Washington v. Harper

Decision Date27 February 1990
Docket NumberNo. 88-599,88-599
Citation108 L.Ed.2d 178,494 U.S. 210,110 S.Ct. 1028
PartiesWASHINGTON, et al., Petitioners v. Walter HARPER
CourtU.S. Supreme Court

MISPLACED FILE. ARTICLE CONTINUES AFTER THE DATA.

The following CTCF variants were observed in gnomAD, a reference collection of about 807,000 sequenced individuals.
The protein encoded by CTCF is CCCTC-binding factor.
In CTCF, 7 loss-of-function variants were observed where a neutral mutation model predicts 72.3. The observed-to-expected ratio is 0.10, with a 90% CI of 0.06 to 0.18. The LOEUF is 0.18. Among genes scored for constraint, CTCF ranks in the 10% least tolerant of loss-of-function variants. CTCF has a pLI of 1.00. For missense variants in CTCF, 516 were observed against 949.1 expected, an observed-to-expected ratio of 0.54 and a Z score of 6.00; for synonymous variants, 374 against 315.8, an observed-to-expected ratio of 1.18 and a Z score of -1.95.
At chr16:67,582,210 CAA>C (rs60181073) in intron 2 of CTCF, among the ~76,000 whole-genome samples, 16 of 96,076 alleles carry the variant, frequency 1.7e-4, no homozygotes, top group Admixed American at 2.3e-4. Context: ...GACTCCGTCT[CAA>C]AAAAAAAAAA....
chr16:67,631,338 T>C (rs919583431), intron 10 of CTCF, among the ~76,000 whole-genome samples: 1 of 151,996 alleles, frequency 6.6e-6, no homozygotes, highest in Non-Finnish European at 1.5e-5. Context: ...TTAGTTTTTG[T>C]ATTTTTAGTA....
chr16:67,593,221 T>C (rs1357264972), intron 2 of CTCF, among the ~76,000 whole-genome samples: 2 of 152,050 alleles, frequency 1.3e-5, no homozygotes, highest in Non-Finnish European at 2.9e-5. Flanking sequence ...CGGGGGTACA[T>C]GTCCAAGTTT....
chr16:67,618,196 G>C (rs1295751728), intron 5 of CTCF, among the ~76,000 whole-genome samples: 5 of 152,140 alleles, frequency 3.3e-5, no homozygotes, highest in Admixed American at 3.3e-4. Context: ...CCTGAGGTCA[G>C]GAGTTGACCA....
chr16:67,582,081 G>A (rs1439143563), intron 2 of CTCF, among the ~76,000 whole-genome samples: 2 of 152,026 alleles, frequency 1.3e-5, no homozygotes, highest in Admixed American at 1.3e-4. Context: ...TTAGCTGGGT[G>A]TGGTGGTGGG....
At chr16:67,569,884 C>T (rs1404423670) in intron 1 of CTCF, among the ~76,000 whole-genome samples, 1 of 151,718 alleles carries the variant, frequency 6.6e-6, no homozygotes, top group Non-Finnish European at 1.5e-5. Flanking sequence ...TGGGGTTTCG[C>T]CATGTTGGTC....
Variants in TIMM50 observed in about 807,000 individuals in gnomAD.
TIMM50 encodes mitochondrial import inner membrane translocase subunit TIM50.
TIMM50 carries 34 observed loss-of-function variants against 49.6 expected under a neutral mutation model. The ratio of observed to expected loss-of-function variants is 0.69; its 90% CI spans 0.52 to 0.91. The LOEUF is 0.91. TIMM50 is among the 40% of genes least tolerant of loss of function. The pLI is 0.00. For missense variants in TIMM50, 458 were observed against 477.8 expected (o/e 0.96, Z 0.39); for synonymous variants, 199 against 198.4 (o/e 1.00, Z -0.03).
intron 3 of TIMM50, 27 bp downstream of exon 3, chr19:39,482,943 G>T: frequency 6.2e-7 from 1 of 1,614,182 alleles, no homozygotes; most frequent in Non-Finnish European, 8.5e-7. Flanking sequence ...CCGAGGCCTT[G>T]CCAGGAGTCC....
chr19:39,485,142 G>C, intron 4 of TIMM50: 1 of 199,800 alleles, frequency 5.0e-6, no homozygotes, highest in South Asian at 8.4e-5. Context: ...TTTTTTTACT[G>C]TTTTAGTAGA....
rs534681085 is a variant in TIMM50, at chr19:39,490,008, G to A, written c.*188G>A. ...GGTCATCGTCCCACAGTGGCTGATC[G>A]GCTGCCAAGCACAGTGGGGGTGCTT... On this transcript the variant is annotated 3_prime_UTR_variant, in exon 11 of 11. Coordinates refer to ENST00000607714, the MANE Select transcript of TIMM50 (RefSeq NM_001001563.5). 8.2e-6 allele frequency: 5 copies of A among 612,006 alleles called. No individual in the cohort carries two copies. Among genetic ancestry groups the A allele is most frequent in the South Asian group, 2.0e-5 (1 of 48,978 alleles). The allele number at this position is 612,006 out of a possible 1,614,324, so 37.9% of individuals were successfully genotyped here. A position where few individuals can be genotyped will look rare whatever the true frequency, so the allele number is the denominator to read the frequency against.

Respondent Harper has been a ward of the Washington state penal system since his 1976 robbery conviction. Both as an inmate and while temporarily on parole, he received psychiatric treatment, including the consensual administration of antipsychotic drugs. He has engaged in violent conduct, and his condition has deteriorated when he did not take the drugs. On two occasions, he was transferred to the Special Offender Center (SOC or Center), a state institute for convicted felons with serious mental illness, where he was diagnosed as suffering from a manic-depressive disorder. While at the Center, he was required to take antipsychotic drugs against his will pursuant to an SOC Policy. The Policy provides, inter alia, that, if a psychiatrist orders such medication, an inmate may be involuntarily treated only if he (1) suffers from a "mental disorder" and (2) is "gravely disabled" or poses a "likelihood of serious harm" to himself or others; that, after a hearing and upon a finding that the above conditions are met, a special committee consisting of a psychiatrist, a psychologist, and a Center official, none of whom may be currently involved in the inmate's diagnosis or treatment, may order involuntary medication if the psychiatrist is in the majority; and that the inmate has the right to notice of the hearing, the right to attend, present evidence, and cross-examine witnesses, the right to representation by a disinterested lay adviser versed in the psychological issues, the right to appeal to the Center's Superintendent, and the right to periodic review of any involuntary medication ordered. In addition, state law gives him the right to state-court review of the committee's decision. Both of the involuntary treatment proceedings were conducted in accordance with the SOC Policy. During his second stay at the Center, but before his transfer to a state penitentiary, Harper filed suit in state court under 42 U.S.C. § 1983. The trial court rejected his claim that the failure to provide a judicial hearing before the involuntary administration of antipsychotic medication violated the Due Process Clause of the Fourteenth Amendment. The State Supreme Court reversed and remanded, concluding that, under the Clause, the State could administer such medication to a competent, nonconsenting inmate only if, in a judicial hearing at which the inmate had the full panoply of adversarial procedural protections, the State proved by "clear, cogent, and convincing" evidence that the medication was both necessary and effective for furthering a compelling state interest.